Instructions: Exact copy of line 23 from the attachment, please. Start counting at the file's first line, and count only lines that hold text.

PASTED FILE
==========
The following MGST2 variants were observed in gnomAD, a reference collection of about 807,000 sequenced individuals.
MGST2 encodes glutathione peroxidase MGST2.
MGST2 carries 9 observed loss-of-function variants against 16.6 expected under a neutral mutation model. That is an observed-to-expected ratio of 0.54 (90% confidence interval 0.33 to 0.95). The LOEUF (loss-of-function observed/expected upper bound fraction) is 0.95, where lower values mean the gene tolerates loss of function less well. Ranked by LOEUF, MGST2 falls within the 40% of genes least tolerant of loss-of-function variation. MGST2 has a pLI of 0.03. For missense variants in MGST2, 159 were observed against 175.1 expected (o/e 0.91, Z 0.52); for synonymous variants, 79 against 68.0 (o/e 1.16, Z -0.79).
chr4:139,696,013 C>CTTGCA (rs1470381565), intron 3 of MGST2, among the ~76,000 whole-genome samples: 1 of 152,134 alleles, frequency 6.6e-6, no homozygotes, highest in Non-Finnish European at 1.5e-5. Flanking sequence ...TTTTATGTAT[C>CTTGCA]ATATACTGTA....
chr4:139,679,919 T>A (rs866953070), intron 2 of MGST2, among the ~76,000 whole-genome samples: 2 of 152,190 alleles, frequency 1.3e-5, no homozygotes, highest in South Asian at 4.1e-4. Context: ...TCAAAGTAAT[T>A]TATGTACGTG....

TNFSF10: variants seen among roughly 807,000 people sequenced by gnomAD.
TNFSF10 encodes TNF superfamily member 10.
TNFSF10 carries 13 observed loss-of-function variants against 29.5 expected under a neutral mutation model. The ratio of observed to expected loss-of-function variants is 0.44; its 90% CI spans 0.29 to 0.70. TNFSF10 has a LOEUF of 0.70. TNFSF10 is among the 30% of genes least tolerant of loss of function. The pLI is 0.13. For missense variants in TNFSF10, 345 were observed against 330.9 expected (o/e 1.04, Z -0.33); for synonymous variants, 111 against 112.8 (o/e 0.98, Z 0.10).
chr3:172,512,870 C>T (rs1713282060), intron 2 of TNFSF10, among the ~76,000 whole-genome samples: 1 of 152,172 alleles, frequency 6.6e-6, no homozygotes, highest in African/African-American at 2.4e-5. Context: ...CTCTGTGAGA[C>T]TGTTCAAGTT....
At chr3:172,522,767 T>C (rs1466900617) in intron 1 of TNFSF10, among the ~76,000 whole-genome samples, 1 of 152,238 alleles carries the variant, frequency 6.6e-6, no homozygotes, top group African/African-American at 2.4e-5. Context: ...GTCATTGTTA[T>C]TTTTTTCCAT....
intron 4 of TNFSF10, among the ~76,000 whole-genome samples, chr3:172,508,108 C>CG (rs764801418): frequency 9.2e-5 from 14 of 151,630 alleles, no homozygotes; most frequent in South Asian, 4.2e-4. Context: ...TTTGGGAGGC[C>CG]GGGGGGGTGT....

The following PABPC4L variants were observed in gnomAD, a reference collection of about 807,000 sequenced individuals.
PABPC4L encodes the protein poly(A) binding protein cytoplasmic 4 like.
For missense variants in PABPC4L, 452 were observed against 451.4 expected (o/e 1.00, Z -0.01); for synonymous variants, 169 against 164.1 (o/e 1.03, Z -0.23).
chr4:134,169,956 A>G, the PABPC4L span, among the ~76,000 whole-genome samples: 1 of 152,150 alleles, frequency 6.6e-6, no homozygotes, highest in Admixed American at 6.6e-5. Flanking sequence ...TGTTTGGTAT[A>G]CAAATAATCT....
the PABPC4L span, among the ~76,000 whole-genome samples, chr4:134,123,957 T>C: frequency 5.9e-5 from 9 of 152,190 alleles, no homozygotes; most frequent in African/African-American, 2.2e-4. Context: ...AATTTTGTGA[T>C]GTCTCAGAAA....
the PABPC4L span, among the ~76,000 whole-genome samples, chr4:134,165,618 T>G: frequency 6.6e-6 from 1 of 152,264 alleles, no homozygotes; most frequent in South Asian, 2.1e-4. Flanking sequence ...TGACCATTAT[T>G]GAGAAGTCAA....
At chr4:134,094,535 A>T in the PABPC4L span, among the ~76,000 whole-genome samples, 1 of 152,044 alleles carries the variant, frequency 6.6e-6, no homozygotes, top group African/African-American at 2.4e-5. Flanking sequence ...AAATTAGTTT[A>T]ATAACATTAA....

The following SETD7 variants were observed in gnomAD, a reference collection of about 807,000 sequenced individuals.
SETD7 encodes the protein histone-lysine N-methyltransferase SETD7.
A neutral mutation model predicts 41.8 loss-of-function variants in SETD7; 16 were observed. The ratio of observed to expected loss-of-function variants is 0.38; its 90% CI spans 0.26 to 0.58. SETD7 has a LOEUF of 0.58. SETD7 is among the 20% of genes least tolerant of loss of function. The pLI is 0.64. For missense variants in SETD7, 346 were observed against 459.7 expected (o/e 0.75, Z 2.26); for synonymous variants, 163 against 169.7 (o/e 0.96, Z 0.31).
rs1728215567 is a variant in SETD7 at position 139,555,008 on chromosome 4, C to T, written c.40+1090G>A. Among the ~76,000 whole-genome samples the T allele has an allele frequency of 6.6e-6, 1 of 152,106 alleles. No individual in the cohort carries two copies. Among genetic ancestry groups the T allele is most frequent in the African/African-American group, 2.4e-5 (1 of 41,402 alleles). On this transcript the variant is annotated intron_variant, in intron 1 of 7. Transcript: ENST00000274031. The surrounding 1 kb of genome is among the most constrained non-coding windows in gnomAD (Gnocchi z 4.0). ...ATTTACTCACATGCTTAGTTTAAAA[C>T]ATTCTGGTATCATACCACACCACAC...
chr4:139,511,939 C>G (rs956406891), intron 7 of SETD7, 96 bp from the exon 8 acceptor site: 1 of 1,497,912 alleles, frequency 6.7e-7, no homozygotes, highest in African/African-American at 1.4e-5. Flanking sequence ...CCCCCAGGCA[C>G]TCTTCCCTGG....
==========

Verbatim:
chr4:139,511,939 C>G (rs956406891), intron 7 of SETD7, 96 bp from the exon 8 acceptor site: 1 of 1,497,912 alleles, frequency 6.7e-7, no homozygotes, highest in African/African-American at 1.4e-5. Flanking sequence ...CCCCCAGGCA[C>G]TCTTCCCTGG....